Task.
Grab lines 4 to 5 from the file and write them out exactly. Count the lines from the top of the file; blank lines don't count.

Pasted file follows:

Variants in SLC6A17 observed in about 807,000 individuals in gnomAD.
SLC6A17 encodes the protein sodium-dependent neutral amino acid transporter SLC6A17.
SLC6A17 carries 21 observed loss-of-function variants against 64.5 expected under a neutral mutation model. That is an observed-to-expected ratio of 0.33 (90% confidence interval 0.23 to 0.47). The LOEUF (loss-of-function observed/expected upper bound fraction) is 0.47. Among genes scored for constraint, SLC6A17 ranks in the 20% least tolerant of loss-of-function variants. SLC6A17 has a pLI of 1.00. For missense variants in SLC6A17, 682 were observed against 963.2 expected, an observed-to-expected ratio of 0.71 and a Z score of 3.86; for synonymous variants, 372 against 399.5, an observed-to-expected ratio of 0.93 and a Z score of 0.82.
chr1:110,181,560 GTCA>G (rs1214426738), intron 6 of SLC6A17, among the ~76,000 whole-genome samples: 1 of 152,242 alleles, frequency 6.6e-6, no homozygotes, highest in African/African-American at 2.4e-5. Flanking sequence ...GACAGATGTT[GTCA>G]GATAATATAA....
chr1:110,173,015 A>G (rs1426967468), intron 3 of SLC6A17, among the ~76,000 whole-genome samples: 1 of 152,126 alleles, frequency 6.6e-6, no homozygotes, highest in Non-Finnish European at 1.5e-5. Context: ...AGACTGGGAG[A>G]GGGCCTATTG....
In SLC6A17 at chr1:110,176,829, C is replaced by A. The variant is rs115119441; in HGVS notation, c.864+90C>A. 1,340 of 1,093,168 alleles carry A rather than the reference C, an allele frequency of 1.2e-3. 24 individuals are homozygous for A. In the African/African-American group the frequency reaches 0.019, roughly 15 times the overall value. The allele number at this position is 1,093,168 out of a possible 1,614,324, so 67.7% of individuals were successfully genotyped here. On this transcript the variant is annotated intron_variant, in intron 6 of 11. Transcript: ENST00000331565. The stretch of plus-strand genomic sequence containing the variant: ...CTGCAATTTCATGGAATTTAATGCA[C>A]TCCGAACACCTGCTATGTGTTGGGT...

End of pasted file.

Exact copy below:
chr1:110,181,560 GTCA>G (rs1214426738), intron 6 of SLC6A17, among the ~76,000 whole-genome samples: 1 of 152,242 alleles, frequency 6.6e-6, no homozygotes, highest in African/African-American at 2.4e-5. Flanking sequence ...GACAGATGTT[GTCA>G]GATAATATAA....
chr1:110,173,015 A>G (rs1426967468), intron 3 of SLC6A17, among the ~76,000 whole-genome samples: 1 of 152,126 alleles, frequency 6.6e-6, no homozygotes, highest in Non-Finnish European at 1.5e-5. Context: ...AGACTGGGAG[A>G]GGGCCTATTG....